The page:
Current Projects

Dynamic Right Hemisphere Recruitment for Language

Our ability to understand linguistic function and dysfunction is contingent upon an improved understanding of how language processes are distributed in the intact brain, and how resources are allocated as a function of the ever changing demands.  This project,funded by the National Institute on Deafness and other Communication Disorders, applies TMS, fMRI, and concurrent TMS/fMRI investigations to explore a new hypothesis about the dynamic roles of the two cerebral hemispheres in normal language processes and implications for recovery of function following unilateral brain damage.  Our hypothesis in brief is that the right hemisphere (RH) becomes engaged in a variety of linguistic tasks when the processing demands of the task outstrip the resources available in the dominant left hemisphere (LH) and some of the residual processing “spills over” into RH homologues (e.g., Just & Varma, 2007; Prat, Mason, & Just, 2011).  Importantly, the spillover hypothesis predicts that RH involvement varies across tasks and individuals, as a function of the relation between cognitive and neural resources available to an individual and of the demands required to complete the task. Recovery from unilateral brain damage is likely to vary as a function of pre-injury lateralization; therefore our understanding of the factors related to individual differences in language lateralization is imperative.  One goal of this project is to obtain knowledge about the causes and correlates of individual differences in language laterality.  Another is to investigate system-level characteristics of the cortical network responsible for language processes, and how they relate to individual language lateralization and skill.  A final goal is to investigate how the language network changes as a whole in response to impaired functioning in isolated regions. This information will further our understanding of how the two hemispheres cooperate during intact language processes, and ultimately improve our understanding of deficits associated with unilateral damage and how to enhance recovery.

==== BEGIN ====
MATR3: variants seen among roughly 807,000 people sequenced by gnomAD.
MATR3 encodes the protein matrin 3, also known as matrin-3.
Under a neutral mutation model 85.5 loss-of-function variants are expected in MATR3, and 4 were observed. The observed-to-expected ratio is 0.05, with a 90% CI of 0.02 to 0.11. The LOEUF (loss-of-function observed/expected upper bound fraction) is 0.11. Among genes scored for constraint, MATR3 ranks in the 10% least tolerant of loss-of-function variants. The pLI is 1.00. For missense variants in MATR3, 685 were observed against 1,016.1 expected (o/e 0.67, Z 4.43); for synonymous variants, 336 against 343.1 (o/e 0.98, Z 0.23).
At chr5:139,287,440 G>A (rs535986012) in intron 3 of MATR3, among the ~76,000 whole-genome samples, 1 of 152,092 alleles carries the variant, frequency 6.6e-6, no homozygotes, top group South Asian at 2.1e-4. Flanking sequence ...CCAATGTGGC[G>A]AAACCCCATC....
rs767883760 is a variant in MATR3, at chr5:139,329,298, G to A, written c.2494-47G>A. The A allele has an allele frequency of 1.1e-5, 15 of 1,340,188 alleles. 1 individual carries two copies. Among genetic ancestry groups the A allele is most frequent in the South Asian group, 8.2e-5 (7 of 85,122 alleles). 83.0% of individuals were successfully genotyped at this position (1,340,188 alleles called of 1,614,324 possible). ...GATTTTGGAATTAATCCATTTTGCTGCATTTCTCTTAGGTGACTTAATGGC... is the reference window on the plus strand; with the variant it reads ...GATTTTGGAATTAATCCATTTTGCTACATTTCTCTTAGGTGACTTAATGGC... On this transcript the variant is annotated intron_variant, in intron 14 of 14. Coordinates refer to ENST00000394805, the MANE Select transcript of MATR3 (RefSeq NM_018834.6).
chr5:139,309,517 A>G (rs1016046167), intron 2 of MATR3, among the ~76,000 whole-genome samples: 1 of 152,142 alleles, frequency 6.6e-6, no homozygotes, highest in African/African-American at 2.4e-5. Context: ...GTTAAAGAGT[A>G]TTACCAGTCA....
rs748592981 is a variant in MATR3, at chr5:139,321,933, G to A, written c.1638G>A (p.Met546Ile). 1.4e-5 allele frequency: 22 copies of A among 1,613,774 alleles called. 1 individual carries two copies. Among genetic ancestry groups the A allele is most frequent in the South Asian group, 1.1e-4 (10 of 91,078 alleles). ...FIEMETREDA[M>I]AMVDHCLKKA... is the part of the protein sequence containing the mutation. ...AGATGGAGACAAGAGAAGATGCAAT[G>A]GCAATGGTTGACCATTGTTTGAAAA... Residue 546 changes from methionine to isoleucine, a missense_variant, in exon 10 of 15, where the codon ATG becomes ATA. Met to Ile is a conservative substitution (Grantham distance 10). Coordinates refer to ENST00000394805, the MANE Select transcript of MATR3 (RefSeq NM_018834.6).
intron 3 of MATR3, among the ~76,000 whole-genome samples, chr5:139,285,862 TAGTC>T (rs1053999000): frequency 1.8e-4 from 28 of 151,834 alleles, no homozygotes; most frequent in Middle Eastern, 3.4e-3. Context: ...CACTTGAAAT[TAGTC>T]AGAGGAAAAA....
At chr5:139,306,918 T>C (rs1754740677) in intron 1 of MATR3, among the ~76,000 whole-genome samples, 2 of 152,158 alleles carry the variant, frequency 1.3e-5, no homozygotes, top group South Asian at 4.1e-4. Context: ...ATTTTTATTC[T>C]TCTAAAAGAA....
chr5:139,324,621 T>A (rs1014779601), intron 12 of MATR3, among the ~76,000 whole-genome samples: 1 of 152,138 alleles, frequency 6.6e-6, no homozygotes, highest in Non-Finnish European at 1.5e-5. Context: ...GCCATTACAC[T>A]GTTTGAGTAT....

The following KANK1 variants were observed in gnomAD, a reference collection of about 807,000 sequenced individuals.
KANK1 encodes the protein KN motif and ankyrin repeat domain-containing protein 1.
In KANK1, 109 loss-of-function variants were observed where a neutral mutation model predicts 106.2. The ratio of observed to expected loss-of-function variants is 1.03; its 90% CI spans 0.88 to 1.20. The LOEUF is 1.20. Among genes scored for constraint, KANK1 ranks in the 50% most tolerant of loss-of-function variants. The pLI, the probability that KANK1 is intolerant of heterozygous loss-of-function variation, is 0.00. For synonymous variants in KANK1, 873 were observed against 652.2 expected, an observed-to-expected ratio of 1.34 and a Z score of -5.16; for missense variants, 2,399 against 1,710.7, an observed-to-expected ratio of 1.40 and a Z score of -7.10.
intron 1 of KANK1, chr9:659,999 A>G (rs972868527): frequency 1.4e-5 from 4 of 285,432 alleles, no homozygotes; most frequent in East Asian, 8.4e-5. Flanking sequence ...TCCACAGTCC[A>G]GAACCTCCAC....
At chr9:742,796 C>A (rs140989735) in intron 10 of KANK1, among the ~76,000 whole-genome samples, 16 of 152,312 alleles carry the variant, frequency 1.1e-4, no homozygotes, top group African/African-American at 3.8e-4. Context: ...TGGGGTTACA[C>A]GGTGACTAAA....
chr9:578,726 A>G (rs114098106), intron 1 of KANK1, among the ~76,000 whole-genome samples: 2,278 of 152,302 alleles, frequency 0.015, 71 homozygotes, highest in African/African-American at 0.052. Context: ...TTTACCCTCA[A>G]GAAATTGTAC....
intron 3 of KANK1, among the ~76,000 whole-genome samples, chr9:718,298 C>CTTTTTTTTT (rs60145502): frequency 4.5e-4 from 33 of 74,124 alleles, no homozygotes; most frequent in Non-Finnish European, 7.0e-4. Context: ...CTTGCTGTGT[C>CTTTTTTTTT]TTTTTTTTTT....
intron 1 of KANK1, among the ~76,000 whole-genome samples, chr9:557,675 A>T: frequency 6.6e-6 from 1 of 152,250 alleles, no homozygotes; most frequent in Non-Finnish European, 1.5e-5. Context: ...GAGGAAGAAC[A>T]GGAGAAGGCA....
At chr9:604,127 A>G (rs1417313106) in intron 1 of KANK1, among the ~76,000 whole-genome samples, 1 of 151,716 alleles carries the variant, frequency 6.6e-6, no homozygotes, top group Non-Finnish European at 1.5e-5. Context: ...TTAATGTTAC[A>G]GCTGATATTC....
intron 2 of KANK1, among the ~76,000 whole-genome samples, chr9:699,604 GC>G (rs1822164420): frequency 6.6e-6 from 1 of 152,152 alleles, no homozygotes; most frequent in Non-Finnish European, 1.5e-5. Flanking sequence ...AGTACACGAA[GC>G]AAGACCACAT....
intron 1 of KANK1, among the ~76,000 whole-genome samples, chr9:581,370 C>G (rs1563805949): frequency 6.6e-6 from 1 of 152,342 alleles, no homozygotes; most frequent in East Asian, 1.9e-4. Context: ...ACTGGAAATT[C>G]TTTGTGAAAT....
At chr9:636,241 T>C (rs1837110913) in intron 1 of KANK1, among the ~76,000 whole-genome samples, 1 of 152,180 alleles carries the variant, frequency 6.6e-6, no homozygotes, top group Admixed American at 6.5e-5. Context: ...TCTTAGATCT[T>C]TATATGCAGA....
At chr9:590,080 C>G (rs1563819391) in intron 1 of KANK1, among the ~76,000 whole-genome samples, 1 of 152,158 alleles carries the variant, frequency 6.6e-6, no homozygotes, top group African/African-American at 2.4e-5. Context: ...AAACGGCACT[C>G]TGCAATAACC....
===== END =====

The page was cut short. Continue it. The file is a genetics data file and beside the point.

Bilingual Brain Training

Speaking one language is, in itself, an amazing achievement. According to some estimates, however, almost half of the world population manages to be proficient in two or moredifferent languages. Research shows that such mastering of multiple languages has profound effects an individual’s cognitive abilities, extending beyond social and communicative benefits. In fact, bilinguals outperform monolinguals in a variety of tasks that are cognitively demanding , such as those drawing on executive processes such as inhibitory control and working memory.  In other words, speaking two languages seems to “train” the brain in a manner that has effects that generalize to non-language domains.  Our current research at the CCDL is using “Dynamic Causal Modeling” of neuroimaging data, in combination with our existing understanding of the neural basis of individual differences in cognitive capabilities, to better understand the nature of the brain changes induced by bilingualism, and explain how this translates into a general cognitive benefit.

Instructions and Rule Application

Controlling one’s own actions according to predefined rules is an amazing feature of human behavior. It underlies human’s intelligence and flexibility,  makes general knowledge possible,  and enables planning. Importantly, it also makes it possible to communicate instructions (in the form of rules) using language (which is, in itself, a rule based skill). Though such rule-based behavior is central to flexible human thought, the precise neural mechanisms underlying rule acquisition, instantiation, and execution are still poorly understood. At the CCDL, we are trying to understand the process by which our brain encodes and interpret rules by using “Dynamic Causal Modeling” of neuroimaging data, and detailed computer models of the brain. We are also applying our knowledge to real-world scenarios, by devising methods that would improve how students understand mathematical rules, and using data from the brain to better understand the causes of their mistakes.
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